Trainees impress on first maritime expedition

The trainees on board SA Agulhas.

The SA Agulhas is back in Cape Town after a successful scientific voyage off the east coast with 20 newly skilled rating trainees who are part of a new pilot programme aimed at increasing the number of employable South African seafarers.

Captain Daniel Postman captained the ship, which left Port Elizabeth on May 31, on its charter off the east coast of South Africa for scientific research as part of the SA Environmental Observation Network (SAEON).

The aim of the research was to retrieve data from a number of scientific buoys deployed in coastal waters to monitor the Agulhas current and its role in climate change.

On board were 20 deck and engine rating trainees, and three cadets, who were gaining practical sea-time experience towards their international seafaring qualifications.

This was the first exposure for the trainees to the maritime sector.

They did not have any formal training before embarking on the trip.

Thembalihle Hlongwane, 25, from Lamontville, KwaZulu-Natal, said even though she studied Information Technology, she now sees a bright future in the maritime industry.

Ms Hlongwane went on to say that people in townships are not aware of such opportunities.

“Coming from a township, I knew a little about ships and I never thought that one could take this as a career,” she said.

Ms Hlongwane said she had only applied because she wanted to keep herself busy as jobs were hard to come by. She said young people, specifically women should grab these opportunities with both hands because growth is almost guaranteed in the maritime industry.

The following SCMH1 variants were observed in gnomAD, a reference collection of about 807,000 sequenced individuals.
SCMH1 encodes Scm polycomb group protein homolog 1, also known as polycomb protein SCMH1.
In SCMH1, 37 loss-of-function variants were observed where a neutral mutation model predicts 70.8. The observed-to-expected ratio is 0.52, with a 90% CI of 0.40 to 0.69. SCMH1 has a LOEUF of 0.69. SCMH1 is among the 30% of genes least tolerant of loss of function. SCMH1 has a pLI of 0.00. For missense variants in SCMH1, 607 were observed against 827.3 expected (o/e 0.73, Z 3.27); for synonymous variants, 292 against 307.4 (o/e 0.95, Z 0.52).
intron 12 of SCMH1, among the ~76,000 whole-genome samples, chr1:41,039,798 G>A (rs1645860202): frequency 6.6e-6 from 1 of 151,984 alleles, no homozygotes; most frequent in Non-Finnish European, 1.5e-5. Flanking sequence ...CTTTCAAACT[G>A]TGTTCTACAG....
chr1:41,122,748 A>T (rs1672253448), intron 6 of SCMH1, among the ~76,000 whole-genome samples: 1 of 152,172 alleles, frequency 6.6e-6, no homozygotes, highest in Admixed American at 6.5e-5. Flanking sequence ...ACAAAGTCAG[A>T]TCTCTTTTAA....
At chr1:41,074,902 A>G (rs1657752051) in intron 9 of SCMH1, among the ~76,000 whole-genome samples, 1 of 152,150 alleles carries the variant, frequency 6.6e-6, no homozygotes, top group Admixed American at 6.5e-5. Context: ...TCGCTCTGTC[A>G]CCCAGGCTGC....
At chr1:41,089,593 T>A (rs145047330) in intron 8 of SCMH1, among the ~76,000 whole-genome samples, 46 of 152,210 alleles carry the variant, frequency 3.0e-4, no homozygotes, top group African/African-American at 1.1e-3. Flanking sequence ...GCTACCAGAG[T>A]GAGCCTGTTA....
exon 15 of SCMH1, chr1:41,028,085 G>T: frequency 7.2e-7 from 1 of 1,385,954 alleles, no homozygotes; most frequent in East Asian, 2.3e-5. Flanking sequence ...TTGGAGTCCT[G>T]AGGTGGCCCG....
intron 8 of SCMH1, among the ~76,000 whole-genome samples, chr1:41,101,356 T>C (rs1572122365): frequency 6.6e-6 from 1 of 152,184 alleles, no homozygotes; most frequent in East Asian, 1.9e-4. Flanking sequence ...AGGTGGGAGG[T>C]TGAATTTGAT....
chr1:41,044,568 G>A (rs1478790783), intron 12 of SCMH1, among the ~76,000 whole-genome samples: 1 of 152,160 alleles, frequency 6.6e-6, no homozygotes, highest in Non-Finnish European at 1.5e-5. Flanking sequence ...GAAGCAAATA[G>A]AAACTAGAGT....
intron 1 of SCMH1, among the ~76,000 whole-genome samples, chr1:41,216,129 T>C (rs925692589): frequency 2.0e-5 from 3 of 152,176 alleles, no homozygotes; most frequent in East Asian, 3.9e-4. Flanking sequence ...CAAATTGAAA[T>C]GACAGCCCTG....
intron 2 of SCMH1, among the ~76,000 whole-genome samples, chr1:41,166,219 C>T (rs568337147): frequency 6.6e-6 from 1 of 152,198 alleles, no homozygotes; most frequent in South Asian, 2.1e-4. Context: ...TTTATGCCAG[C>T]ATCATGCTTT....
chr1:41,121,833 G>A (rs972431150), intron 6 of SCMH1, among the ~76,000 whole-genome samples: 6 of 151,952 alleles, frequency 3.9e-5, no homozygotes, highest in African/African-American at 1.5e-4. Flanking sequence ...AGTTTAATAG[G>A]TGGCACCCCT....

She said she not only enjoyed the experience, but now also knows how to maintain ships and how to keep them tight and secured.

She said her “difficult” mother had even warmed up to the idea of her exploring this as a career.

“I wanted to study drama but my mother forced me to do IT, promising that she’d pay for my drama studies after completing my IT course. When I finished the course she was not singing the same tune, because she sees the course as a waste of time and money. She’s happy and proud now,” she said.

The 20 rating trainees are part of a group of 45 candidates in a pilot project facilitated by the South African International Maritime Institute (SAIMI) and funded by the Transport Education Training Authority (TETA).

Chief operating officer of South African Maritime Safety Authority (SAMSA) Sobantu Tilayi said the scientific mission had been successful and the research obtained would assist in critical experimental analysis.

“The experience of the rating trainees has fortified their wish to be gainfully employed.

“This exercise undertaken using young people with no formal education allows us to entrench the ethos of Operation Phakisa to boost the oceans’ economy,” said Mr Tilayi.

On board the vessel, the scientific crew, accompanied by a select group of scientists from the United States of America, were supported by the Department of Environmental Affairs.

The training officer on board, Steven Paulse, said the trainees were so hungry to learn and for the experience that Captain Postman was very impressed with this intake.

He said they have kept the ship nice and tidy and supported the crew and the scientists.

The rating trainees will undergo further training on board the vessel and also in classrooms.

They described their mission as being successful and an eye-opener to the possibilities that lie within the maritime sector for employment and experience.